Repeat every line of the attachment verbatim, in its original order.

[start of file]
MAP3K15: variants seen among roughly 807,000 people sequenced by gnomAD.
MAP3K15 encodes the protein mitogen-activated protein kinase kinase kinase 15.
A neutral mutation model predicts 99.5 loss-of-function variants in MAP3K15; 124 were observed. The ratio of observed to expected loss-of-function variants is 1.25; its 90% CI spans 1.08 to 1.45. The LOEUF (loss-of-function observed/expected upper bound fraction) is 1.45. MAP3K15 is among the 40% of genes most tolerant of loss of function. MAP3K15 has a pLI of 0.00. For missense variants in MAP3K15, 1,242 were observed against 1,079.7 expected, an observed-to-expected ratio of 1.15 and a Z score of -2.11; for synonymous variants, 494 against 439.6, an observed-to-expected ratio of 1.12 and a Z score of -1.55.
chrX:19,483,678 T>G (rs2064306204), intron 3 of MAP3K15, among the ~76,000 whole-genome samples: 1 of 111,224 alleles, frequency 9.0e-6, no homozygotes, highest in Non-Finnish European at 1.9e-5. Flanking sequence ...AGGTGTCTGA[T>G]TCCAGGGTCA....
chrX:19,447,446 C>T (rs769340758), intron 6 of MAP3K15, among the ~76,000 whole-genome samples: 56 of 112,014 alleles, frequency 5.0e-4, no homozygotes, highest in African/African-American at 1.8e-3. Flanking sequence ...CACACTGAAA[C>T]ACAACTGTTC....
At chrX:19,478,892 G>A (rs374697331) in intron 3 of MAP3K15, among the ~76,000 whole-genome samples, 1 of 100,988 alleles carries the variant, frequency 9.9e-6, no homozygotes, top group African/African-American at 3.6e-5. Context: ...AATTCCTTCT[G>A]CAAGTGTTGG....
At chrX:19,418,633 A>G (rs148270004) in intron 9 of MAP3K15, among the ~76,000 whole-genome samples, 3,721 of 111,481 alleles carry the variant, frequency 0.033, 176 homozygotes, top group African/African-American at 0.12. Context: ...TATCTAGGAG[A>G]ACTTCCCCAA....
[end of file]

MAP3K15: variants seen among roughly 807,000 people sequenced by gnomAD.
MAP3K15 encodes the protein mitogen-activated protein kinase kinase kinase 15.
A neutral mutation model predicts 99.5 loss-of-function variants in MAP3K15; 124 were observed. The ratio of observed to expected loss-of-function variants is 1.25; its 90% CI spans 1.08 to 1.45. The LOEUF (loss-of-function observed/expected upper bound fraction) is 1.45. MAP3K15 is among the 40% of genes most tolerant of loss of function. MAP3K15 has a pLI of 0.00. For missense variants in MAP3K15, 1,242 were observed against 1,079.7 expected, an observed-to-expected ratio of 1.15 and a Z score of -2.11; for synonymous variants, 494 against 439.6, an observed-to-expected ratio of 1.12 and a Z score of -1.55.
chrX:19,483,678 T>G (rs2064306204), intron 3 of MAP3K15, among the ~76,000 whole-genome samples: 1 of 111,224 alleles, frequency 9.0e-6, no homozygotes, highest in Non-Finnish European at 1.9e-5. Flanking sequence ...AGGTGTCTGA[T>G]TCCAGGGTCA....
chrX:19,447,446 C>T (rs769340758), intron 6 of MAP3K15, among the ~76,000 whole-genome samples: 56 of 112,014 alleles, frequency 5.0e-4, no homozygotes, highest in African/African-American at 1.8e-3. Flanking sequence ...CACACTGAAA[C>T]ACAACTGTTC....
At chrX:19,478,892 G>A (rs374697331) in intron 3 of MAP3K15, among the ~76,000 whole-genome samples, 1 of 100,988 alleles carries the variant, frequency 9.9e-6, no homozygotes, top group African/African-American at 3.6e-5. Context: ...AATTCCTTCT[G>A]CAAGTGTTGG....
At chrX:19,418,633 A>G (rs148270004) in intron 9 of MAP3K15, among the ~76,000 whole-genome samples, 3,721 of 111,481 alleles carry the variant, frequency 0.033, 176 homozygotes, top group African/African-American at 0.12. Context: ...TATCTAGGAG[A>G]ACTTCCCCAA....